Hot Weather and Painting Projects: Las Vegas Painters Weigh In

Hot weather like in the desert can seem like a blessing when it comes to painting the exterior of your home. Professional Las Vegas painters will tell you otherwise.

The heat will help your paint dry quickly, but that’s not always a good thing. Here are the facts when it comes to painting in the heat.

Good news:

Your prep work, include spackle, primer and joint compounds will dry quickly so you will have less prep time. Since your paint will dry more quickly, you may be able to get 2 or even 3 coats done in one day. Heat causes paint to smell less, the odors will disperse more quickly. Warm paint is easier to work with since it will be less sticky and thinner.

Bad news:

A quick dry time can cause unevenness in your finish. Speckling and holidays are harder to catch and correct. Overlapping sections can show through when the paint dries too quickly. Getting your sections to match up without overlap can be a challenge to even the most talented painter. Moving too slowly, or switching between tools can make your rollers or paint brushes dry out before you get back to them. Gathering all of your tools and necessities before starting is crucial. If you’re not ready to hustle through your job, you could be looking at disaster.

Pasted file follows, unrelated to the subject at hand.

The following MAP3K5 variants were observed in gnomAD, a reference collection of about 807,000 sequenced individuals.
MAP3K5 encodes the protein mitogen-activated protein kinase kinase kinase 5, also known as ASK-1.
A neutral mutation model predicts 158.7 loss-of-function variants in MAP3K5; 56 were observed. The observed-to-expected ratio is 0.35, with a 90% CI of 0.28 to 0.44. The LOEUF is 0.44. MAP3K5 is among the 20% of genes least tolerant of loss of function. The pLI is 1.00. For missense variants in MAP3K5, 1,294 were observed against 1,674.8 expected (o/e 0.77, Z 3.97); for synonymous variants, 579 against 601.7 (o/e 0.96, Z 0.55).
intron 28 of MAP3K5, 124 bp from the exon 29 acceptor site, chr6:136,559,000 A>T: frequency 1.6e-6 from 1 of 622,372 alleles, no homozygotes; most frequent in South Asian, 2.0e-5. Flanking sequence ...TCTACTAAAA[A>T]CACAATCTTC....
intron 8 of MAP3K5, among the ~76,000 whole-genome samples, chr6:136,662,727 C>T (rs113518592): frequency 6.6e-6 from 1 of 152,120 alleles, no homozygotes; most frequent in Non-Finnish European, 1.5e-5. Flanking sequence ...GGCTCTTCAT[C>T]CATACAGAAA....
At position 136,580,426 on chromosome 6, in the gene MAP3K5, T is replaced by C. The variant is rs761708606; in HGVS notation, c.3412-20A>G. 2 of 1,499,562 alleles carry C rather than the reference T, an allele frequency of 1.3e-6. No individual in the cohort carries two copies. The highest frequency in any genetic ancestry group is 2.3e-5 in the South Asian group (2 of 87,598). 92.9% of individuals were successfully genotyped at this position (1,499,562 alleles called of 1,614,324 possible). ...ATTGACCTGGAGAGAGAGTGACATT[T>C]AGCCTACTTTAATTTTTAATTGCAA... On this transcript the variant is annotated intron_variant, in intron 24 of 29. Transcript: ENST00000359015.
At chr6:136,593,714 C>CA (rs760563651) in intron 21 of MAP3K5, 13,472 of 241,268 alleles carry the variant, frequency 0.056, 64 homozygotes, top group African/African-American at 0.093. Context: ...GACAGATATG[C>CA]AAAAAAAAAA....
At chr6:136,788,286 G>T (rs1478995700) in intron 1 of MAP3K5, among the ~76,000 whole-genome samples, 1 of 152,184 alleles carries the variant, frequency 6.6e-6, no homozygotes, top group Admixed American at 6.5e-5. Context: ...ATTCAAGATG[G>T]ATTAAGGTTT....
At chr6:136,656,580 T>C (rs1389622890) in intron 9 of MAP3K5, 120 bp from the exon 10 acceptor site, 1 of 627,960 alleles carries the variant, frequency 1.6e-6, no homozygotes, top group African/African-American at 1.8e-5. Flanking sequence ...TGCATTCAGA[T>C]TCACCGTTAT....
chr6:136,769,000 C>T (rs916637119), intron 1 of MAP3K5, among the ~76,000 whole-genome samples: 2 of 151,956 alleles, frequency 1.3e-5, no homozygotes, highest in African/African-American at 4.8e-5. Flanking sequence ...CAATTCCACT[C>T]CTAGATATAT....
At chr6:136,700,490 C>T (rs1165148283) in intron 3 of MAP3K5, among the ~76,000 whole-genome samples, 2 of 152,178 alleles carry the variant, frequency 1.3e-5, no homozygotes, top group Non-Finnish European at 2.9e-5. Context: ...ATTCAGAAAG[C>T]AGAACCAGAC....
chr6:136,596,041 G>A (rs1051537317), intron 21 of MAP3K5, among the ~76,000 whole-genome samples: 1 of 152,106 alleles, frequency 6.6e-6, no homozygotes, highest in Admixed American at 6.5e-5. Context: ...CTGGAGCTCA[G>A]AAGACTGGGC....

Ugly news:

Curing is directly related to heat. The liquid must be slowly removed from the paint to make a good cure. Hot temperatures, like those in Las Vegas, makes the water evaporate too quickly. The result is paint with bad pigmentation and cracked resin.

Heat in the air causes paint fumes to rise up quickly. If you are painting inside, be very cautious with fumes hanging near the ceiling. This is especially detrimental if you are painting on a ladder. You will be in the cloud of fumes near the ceiling.

Tips from Las Vegas Painters:

Early: the earlier you start your project, the more time you will have to finish before the heat of the day sets in. Make sure you wait until morning dew has evaporated.

Shade: work in the shade as much as possible. Follow the sun as it moves through the sky, move with it in the shade around your home.

Top: paint your interior rooms from top to bottom. This will put the fumes toward the end of the project at the ceiling, and you at the floor. Paint tops of walls and ceilings first and work your way down.

Fan: use fans to disperse fumes from newly painted areas. The technique can be employed inside and outside, especially on hot, stagnant days.

With some planning and preparation, your hot weather painting project can be accomplished with great results. Still not sure, contact our experts to hire a professionals.